3. store information on how a particular calendar event was inserted into the users calendar (e.g. by tracking the Message-ID attribute), to be able to inform the user such information and provide additional information to the originating calendar system on abuse.

In addition, further actions can be taken to detect calendar spam at the calendar user application, such as:

  1. sending an email feedback loop if the original email that carried the calendar invitation and its MailID is still available.

8.  Other ways calendar spam occur

8.1. Subscription to shared calendars

Malicious events can end up in user calendars through shared calendars.

Shared calendars are have a single origin and users are subscribed to its events, and therefore manipulation of the calendar source will impact all its subscribers.

Popular calendars, such as official calendars (e.g. public and bank holidays), schedules of shows and sports teams, are valuable targets for malicious actors.

Disturbingly, very often calendar applications do not allow deletion of such shared events if the subscription is set to “read-only”. This means that malicious events propagated through such calendars may not even be eligible for recipient removal, which adds salt to injury.

The only approach for users of these calendar applications are to unsubscribe the entire calendar, even though all previous events will be deleted from the user’s calendar when unsubscribed. More robust controls are certainly needed for calendar subscribers.

8.1.1. iTIP

Calendar systems using iTIP for direct communication between each other, e.g. within the same calendar system, should consider and implement anti-abuse best practices as described above.

9.  Conclusion

Spam is a long-standing and well-known email problem. Because email is a commonly used transport for calendar (“meeting”) invitations and events, spammers are now using these calendar events and invitations as a spam vector. Consequently, knowledge of both domains is required to develop defenses against these attacks.

This document provides email and calendar system operators with an introduction to calendar spam, and highlights best practices for identifying and mitigating calendar spam. Implementation details will largely be system-specific.

The “war” against malware, including spam, is dynamic and ever-changing. As a result, email and calendar system experts will need to share their expertise and experiences with each other on an ongoing basis. CalConnect’s collaboration with M3AAWG represents the first formal collaboration in this area.

10.  Acknowledgements

The editor of this document wishes to thank the experts of CalConnect — the Calendaring and Scheduling Consortium and attendees of the M3AAWG conference sessions about the topic, as well as the following individuals who have participated in the drafting, review and discussion of this document:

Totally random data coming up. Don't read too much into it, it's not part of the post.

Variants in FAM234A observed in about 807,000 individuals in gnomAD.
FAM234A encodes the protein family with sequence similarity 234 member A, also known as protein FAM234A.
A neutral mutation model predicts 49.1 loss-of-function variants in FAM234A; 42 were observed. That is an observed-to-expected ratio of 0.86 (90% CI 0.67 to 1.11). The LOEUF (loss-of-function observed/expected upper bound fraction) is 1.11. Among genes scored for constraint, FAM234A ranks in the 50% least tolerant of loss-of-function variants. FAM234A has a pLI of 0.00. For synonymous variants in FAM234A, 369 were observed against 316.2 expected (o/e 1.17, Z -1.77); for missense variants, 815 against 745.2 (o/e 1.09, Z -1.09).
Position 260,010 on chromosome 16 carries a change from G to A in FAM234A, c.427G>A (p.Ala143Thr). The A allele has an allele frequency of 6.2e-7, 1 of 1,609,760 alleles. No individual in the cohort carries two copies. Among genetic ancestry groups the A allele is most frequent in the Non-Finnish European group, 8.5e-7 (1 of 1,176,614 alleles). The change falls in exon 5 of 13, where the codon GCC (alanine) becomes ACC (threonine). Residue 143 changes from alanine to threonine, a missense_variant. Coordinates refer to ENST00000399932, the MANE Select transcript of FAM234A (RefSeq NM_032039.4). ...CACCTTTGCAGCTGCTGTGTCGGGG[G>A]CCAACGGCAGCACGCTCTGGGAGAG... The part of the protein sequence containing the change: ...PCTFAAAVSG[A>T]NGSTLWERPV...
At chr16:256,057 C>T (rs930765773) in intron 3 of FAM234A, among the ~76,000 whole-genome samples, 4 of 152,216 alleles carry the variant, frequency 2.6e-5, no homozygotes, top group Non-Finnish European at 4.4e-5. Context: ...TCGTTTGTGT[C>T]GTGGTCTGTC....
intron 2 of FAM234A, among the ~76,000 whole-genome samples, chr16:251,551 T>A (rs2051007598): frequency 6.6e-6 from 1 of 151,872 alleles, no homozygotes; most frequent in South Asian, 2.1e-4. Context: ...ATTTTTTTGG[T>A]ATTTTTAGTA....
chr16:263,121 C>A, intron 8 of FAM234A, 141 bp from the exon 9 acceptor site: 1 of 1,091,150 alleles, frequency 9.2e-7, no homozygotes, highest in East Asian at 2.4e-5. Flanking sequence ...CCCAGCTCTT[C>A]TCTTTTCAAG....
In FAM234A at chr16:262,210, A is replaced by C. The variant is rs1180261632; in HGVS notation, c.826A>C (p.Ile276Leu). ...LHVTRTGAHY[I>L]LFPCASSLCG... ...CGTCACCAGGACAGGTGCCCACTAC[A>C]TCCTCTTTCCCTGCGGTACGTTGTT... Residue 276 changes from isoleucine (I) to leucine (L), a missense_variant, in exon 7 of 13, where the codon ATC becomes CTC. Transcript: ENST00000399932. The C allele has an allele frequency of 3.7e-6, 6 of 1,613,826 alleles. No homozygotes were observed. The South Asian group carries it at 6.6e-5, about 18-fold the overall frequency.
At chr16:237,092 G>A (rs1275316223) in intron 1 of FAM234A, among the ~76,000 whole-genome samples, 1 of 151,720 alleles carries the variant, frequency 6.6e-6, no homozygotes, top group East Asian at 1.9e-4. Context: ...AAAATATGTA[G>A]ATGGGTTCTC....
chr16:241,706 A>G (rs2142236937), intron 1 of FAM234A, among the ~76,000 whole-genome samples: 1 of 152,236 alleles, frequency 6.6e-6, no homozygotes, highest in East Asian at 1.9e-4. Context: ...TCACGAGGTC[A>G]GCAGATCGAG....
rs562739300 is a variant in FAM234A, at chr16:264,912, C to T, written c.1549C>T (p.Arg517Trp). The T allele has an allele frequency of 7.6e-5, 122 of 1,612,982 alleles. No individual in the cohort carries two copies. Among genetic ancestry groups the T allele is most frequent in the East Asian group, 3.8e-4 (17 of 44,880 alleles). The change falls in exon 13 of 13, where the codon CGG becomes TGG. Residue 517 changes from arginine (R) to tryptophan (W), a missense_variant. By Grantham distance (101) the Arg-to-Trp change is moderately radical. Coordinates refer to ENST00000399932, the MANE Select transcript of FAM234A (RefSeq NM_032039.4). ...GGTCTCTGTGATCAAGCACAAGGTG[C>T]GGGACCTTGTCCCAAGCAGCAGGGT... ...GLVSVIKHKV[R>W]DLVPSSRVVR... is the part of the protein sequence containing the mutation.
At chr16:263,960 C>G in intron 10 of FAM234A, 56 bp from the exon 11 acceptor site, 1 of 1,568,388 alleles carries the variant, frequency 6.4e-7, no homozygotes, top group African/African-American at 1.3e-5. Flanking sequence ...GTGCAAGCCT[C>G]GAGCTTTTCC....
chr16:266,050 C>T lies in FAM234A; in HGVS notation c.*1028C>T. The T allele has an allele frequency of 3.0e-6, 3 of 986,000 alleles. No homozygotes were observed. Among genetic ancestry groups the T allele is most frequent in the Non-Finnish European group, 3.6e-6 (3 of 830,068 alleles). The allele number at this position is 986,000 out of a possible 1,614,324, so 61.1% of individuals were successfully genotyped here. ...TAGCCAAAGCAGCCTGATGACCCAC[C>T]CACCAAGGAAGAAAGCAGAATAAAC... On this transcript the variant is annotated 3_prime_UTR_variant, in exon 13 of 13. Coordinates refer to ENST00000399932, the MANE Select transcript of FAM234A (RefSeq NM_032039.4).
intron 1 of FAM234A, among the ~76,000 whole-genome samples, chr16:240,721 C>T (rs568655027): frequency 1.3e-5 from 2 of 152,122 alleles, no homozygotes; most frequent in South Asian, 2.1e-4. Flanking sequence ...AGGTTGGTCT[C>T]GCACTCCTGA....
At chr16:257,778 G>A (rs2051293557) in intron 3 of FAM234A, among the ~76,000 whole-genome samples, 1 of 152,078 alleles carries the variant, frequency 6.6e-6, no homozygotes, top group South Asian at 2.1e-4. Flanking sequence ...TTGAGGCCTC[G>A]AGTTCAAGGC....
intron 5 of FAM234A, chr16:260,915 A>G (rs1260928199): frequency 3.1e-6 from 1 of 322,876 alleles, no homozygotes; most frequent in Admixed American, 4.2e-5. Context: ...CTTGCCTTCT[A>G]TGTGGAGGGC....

Appendix A
(informative)
Technical information

A.1. Structure of a best practice iMIP message containing an event

An email message should only contain a single iCalendar attachment (an iMIP file).

NOTE 1  Current practice allows attaching multiple iCalendar attachments to a single email.

The recommended MIME/multipart structure of an email that contains a calendar event invitation, optimized for interoperability, is provided as follows:

  • a single multipart/mixed part, which contains:

    • a single multipart/alternative part, which contains:

      • a text/plain part; and

      • a text/html part;

    • a text/calendar part with method=REQUEST; and

    • an application/ics part, with a content-disposition:attachment, in BASE64 encoding

This recommended structure was devised through interoperability testing with multiple existing implementations.

NOTE 2  A calendar system that conforms to calendaring standards produces an email structure similar to that above.

Guidelines on this structure:

  • The filename of the application/ics part should end with the .ics file extension.

  • Some calendar user applications will only see the part with the standard text/calendar content-type and the method header.

  • Some calendar user applications are only able to see attached parts with application/ics (this is non-standard behavior).

  • Some calendar systems automatically insert links within the HTML part, which can be used by email clients that are not calendar-aware to accept or decline an invitation without having to process the calendar parts. In this case, the server simply updates the ORGANIZER ‘s copy of the event based on the link clicked.

  • The text/plain and text/html part of the message in the body will include information of the event, such as its subject and description.

  • An email using the provide structure does not preclude spammers from inserting malicious content outside of the attached files — all parts of the email should still be parsed to detect malicious content.


Bibliography

[1]  ISO/IEC 27000:2018, Information technology — Security techniques — Information security management systems — Overview and vocabulary

[2]  IETF RFC 2821, Simple Mail Transfer Protocol